Arachnids are mostly carnivorous. They feed on the pre-digested bodies of insects and other small animals.
That alone is enough to consider them threatening. Of course, humans could never be considered a small animal as far as a spider is concerned, but that doesn’t change human fear.
Being as small and nimble as they are, spiders can sneak onto our skin any time, any place, and we know it.
It doesn’t help to know that there are over 40,000 named species.
Wikipedia says 100, 000, but I don’t want to cause panic. How many no-names are out there is anybody’s guess.
The good news? Spiders help to control insects.
Spiders are predators, they eat only live prey that they catch them selves, and they eat phenomenal amounts of insects. And they are in fact the dominant predators of insects, and without them we’d be in dire straits. In many cases most of our crops, for example, would be totally destroyed by the insects that already do take a large toll on our crop production, but the spiders help control them.
That means we owe spiders. We should be grateful to them for their voracious appetites (and grateful that it doesn’t include us).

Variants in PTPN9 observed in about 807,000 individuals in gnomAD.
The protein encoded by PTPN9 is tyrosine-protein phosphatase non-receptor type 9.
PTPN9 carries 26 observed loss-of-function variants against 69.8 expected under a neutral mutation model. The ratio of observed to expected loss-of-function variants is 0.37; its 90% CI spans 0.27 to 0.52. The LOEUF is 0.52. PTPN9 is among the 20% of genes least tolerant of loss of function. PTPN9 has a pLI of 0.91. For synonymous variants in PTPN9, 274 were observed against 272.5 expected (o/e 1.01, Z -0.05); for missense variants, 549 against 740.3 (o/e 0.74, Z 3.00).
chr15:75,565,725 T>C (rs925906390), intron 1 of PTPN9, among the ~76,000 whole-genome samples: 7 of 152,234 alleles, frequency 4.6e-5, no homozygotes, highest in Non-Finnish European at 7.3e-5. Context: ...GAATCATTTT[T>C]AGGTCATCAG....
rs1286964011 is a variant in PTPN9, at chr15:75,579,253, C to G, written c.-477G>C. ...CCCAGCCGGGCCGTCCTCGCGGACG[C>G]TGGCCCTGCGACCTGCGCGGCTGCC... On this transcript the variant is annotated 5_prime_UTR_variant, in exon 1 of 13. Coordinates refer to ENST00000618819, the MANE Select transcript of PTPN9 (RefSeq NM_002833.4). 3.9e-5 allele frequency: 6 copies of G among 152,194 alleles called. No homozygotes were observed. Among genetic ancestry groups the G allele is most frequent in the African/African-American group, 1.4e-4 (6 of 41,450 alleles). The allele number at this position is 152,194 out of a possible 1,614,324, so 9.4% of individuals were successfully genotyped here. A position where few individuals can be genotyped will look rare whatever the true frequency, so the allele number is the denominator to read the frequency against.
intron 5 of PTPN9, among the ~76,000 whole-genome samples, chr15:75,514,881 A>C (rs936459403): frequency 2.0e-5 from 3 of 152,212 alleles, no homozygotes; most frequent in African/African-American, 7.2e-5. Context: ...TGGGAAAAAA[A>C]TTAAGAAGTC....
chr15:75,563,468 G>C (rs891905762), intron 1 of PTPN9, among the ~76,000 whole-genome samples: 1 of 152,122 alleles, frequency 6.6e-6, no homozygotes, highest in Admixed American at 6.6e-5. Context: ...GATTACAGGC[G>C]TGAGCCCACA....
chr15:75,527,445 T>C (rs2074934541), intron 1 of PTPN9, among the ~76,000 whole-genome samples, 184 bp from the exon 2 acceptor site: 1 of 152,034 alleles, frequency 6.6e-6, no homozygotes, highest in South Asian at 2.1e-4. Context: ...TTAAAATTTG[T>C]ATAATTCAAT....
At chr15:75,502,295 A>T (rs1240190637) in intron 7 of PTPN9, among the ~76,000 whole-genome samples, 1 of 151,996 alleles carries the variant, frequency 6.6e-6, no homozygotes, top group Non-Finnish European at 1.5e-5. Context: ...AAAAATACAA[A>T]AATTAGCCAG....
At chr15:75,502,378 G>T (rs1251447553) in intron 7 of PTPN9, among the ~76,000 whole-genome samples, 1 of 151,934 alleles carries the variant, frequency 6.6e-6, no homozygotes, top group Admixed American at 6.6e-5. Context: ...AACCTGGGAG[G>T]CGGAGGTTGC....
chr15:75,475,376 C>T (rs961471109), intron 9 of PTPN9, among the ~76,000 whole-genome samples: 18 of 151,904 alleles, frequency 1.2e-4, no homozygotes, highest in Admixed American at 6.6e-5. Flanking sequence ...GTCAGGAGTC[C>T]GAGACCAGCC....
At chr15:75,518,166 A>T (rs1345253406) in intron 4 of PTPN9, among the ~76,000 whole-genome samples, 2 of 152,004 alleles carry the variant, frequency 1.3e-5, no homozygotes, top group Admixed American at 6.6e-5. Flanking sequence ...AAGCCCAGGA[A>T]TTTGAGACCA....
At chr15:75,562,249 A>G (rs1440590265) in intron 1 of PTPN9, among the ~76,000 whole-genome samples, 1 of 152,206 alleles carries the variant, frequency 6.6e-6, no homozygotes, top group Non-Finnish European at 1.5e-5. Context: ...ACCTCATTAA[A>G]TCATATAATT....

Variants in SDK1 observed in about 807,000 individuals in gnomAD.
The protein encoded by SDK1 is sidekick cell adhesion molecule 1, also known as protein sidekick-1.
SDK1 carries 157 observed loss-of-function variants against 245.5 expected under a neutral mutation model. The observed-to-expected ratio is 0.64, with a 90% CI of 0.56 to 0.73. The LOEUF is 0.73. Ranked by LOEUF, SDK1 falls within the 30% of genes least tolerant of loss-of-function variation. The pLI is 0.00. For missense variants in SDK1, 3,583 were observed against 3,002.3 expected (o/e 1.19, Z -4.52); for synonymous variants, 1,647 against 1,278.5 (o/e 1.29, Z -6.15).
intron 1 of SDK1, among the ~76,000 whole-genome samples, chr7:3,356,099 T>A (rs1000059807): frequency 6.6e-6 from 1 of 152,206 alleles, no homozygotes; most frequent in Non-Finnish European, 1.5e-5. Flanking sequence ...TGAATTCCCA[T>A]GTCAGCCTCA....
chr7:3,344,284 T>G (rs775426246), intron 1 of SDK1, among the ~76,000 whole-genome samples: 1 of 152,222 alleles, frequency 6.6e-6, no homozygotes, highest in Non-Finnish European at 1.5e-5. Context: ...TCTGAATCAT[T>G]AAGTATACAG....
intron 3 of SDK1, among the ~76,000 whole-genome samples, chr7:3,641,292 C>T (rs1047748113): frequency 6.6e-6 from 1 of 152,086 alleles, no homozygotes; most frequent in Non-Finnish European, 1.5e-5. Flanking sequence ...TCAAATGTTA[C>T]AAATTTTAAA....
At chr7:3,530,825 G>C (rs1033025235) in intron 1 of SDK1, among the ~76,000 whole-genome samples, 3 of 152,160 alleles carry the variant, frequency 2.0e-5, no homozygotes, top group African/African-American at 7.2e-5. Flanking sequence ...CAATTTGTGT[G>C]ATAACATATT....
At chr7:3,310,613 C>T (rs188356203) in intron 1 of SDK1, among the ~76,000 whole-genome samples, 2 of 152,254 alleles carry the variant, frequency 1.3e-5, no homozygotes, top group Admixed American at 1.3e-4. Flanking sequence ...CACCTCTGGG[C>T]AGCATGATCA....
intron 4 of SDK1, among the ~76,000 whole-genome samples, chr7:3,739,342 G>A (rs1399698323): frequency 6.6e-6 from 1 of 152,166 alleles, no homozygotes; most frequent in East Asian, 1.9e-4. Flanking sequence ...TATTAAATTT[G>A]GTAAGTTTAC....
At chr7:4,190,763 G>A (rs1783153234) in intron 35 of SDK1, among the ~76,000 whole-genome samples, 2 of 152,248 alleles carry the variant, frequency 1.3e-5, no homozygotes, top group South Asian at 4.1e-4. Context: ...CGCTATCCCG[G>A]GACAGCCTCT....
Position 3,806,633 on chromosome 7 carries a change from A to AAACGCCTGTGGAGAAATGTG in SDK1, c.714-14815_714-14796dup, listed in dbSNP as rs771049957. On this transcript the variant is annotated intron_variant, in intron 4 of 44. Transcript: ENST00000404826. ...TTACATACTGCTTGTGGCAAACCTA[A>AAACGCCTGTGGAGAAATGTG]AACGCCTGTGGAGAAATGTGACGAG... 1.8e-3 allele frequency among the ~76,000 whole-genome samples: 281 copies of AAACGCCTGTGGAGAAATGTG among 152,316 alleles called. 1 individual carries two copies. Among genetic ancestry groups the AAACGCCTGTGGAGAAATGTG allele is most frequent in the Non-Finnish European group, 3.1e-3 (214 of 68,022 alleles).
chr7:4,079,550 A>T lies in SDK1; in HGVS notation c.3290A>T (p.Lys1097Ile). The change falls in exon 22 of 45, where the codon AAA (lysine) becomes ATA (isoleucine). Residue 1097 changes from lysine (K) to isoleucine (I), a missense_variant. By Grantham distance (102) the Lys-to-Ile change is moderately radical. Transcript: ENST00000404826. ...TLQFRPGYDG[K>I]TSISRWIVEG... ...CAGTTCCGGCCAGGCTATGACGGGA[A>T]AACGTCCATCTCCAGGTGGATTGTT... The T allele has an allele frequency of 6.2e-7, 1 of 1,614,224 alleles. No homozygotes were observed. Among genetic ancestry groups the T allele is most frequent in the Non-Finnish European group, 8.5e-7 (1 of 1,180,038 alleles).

My Spider Woman does not accurately portray a spider, but that’s the feeling I got as I created her.
And just for fun, here is a video about some ASU researchers who were awarded $420,000 by the Department of Defense to study spider silk proteins. The hope was that they could produce it synthetically on a larger scale. There may be a lot of spiders, but they still produce silk on a rather small scale.
That was in 2012. Did they or anyone else) succeed? Read this and find out. Or this: a Munich firm claims to have developed synthetic spider silk that is “more flexible than rubber and more durable than steel.”
Frank Lloyd Wright admired spiders, if this quote is any indication:
Organic buildings are the strength and lightness of the spiders’ spinning, buildings qualified by light, bred by native character to environment, married to the ground.